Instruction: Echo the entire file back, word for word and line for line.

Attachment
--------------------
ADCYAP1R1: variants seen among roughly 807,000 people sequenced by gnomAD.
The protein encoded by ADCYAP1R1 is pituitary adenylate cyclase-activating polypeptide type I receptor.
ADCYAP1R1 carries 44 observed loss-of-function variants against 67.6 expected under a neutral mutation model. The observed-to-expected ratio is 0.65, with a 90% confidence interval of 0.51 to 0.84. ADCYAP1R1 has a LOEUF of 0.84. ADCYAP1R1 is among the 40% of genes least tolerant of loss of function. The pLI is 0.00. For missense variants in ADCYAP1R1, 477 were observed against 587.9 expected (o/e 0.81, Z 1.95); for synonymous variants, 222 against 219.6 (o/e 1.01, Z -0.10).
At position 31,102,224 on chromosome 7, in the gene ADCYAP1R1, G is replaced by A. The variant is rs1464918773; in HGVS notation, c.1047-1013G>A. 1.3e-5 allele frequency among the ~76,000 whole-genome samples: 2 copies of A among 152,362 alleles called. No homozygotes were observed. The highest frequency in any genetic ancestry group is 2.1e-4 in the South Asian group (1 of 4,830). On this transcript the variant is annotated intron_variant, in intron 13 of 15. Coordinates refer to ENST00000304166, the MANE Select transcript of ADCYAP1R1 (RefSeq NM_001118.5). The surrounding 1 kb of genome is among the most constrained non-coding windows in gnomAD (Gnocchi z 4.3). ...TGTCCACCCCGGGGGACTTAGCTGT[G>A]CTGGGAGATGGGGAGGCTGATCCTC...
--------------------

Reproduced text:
ADCYAP1R1: variants seen among roughly 807,000 people sequenced by gnomAD.
The protein encoded by ADCYAP1R1 is pituitary adenylate cyclase-activating polypeptide type I receptor.
ADCYAP1R1 carries 44 observed loss-of-function variants against 67.6 expected under a neutral mutation model. The observed-to-expected ratio is 0.65, with a 90% confidence interval of 0.51 to 0.84. ADCYAP1R1 has a LOEUF of 0.84. ADCYAP1R1 is among the 40% of genes least tolerant of loss of function. The pLI is 0.00. For missense variants in ADCYAP1R1, 477 were observed against 587.9 expected (o/e 0.81, Z 1.95); for synonymous variants, 222 against 219.6 (o/e 1.01, Z -0.10).
At position 31,102,224 on chromosome 7, in the gene ADCYAP1R1, G is replaced by A. The variant is rs1464918773; in HGVS notation, c.1047-1013G>A. 1.3e-5 allele frequency among the ~76,000 whole-genome samples: 2 copies of A among 152,362 alleles called. No homozygotes were observed. The highest frequency in any genetic ancestry group is 2.1e-4 in the South Asian group (1 of 4,830). On this transcript the variant is annotated intron_variant, in intron 13 of 15. Coordinates refer to ENST00000304166, the MANE Select transcript of ADCYAP1R1 (RefSeq NM_001118.5). The surrounding 1 kb of genome is among the most constrained non-coding windows in gnomAD (Gnocchi z 4.3). ...TGTCCACCCCGGGGGACTTAGCTGT[G>A]CTGGGAGATGGGGAGGCTGATCCTC...